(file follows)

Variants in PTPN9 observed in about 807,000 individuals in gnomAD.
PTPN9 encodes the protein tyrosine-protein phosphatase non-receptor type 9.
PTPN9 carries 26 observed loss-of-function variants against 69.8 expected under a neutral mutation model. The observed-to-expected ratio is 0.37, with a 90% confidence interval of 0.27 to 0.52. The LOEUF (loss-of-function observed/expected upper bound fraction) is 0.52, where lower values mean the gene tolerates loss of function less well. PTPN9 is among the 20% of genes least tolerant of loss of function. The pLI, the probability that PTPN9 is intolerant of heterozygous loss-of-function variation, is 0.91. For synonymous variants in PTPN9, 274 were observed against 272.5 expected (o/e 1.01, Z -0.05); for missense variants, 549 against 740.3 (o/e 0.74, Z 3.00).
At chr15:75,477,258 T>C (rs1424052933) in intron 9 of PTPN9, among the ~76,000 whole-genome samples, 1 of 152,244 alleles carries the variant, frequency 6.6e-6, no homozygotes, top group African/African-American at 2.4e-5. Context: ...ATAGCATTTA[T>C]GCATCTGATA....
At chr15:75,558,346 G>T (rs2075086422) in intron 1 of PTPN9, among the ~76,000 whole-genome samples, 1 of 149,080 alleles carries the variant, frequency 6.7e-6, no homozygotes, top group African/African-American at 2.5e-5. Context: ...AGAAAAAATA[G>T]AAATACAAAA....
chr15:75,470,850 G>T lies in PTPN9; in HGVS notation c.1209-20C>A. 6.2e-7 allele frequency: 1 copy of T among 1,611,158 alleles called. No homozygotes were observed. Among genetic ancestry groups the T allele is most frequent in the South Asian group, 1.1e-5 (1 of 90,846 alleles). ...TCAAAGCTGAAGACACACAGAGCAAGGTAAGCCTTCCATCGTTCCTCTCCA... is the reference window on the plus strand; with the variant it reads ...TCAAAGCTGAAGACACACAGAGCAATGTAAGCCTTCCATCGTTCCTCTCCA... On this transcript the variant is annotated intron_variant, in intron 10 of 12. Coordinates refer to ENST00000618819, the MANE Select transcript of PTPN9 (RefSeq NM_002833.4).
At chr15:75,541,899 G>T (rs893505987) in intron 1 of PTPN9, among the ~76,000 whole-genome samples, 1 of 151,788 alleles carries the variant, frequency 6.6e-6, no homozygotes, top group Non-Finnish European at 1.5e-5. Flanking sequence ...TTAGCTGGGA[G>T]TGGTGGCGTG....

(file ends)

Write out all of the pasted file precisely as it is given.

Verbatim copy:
Variants in PTPN9 observed in about 807,000 individuals in gnomAD.
PTPN9 encodes the protein tyrosine-protein phosphatase non-receptor type 9.
PTPN9 carries 26 observed loss-of-function variants against 69.8 expected under a neutral mutation model. The observed-to-expected ratio is 0.37, with a 90% confidence interval of 0.27 to 0.52. The LOEUF (loss-of-function observed/expected upper bound fraction) is 0.52, where lower values mean the gene tolerates loss of function less well. PTPN9 is among the 20% of genes least tolerant of loss of function. The pLI, the probability that PTPN9 is intolerant of heterozygous loss-of-function variation, is 0.91. For synonymous variants in PTPN9, 274 were observed against 272.5 expected (o/e 1.01, Z -0.05); for missense variants, 549 against 740.3 (o/e 0.74, Z 3.00).
At chr15:75,477,258 T>C (rs1424052933) in intron 9 of PTPN9, among the ~76,000 whole-genome samples, 1 of 152,244 alleles carries the variant, frequency 6.6e-6, no homozygotes, top group African/African-American at 2.4e-5. Context: ...ATAGCATTTA[T>C]GCATCTGATA....
At chr15:75,558,346 G>T (rs2075086422) in intron 1 of PTPN9, among the ~76,000 whole-genome samples, 1 of 149,080 alleles carries the variant, frequency 6.7e-6, no homozygotes, top group African/African-American at 2.5e-5. Context: ...AGAAAAAATA[G>T]AAATACAAAA....
chr15:75,470,850 G>T lies in PTPN9; in HGVS notation c.1209-20C>A. 6.2e-7 allele frequency: 1 copy of T among 1,611,158 alleles called. No homozygotes were observed. Among genetic ancestry groups the T allele is most frequent in the South Asian group, 1.1e-5 (1 of 90,846 alleles). ...TCAAAGCTGAAGACACACAGAGCAAGGTAAGCCTTCCATCGTTCCTCTCCA... is the reference window on the plus strand; with the variant it reads ...TCAAAGCTGAAGACACACAGAGCAATGTAAGCCTTCCATCGTTCCTCTCCA... On this transcript the variant is annotated intron_variant, in intron 10 of 12. Coordinates refer to ENST00000618819, the MANE Select transcript of PTPN9 (RefSeq NM_002833.4).
At chr15:75,541,899 G>T (rs893505987) in intron 1 of PTPN9, among the ~76,000 whole-genome samples, 1 of 151,788 alleles carries the variant, frequency 6.6e-6, no homozygotes, top group Non-Finnish European at 1.5e-5. Flanking sequence ...TTAGCTGGGA[G>T]TGGTGGCGTG....